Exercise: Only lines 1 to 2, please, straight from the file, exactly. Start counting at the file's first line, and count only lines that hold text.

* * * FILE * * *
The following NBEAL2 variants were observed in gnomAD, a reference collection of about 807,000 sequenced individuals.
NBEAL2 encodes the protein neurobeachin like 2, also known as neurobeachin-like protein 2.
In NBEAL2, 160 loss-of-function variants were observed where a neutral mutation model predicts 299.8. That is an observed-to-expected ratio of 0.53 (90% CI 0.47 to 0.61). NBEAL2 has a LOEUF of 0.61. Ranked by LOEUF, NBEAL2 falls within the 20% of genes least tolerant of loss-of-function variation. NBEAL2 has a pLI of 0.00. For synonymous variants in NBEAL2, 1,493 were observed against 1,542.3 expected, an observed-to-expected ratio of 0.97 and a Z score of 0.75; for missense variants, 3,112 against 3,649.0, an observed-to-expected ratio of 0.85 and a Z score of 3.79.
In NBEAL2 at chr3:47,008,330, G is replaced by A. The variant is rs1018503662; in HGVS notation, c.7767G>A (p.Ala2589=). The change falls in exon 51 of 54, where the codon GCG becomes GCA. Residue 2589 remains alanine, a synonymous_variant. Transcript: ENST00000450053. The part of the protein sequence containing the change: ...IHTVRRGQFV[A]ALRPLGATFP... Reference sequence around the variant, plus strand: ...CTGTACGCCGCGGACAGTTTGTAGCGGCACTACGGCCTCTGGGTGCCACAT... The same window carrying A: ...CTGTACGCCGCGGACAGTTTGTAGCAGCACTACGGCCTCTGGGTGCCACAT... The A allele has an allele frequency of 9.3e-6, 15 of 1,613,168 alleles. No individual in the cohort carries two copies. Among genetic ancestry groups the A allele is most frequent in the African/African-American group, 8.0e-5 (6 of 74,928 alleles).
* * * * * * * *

The following NBEAL2 variants were observed in gnomAD, a reference collection of about 807,000 sequenced individuals.
NBEAL2 encodes the protein neurobeachin like 2, also known as neurobeachin-like protein 2.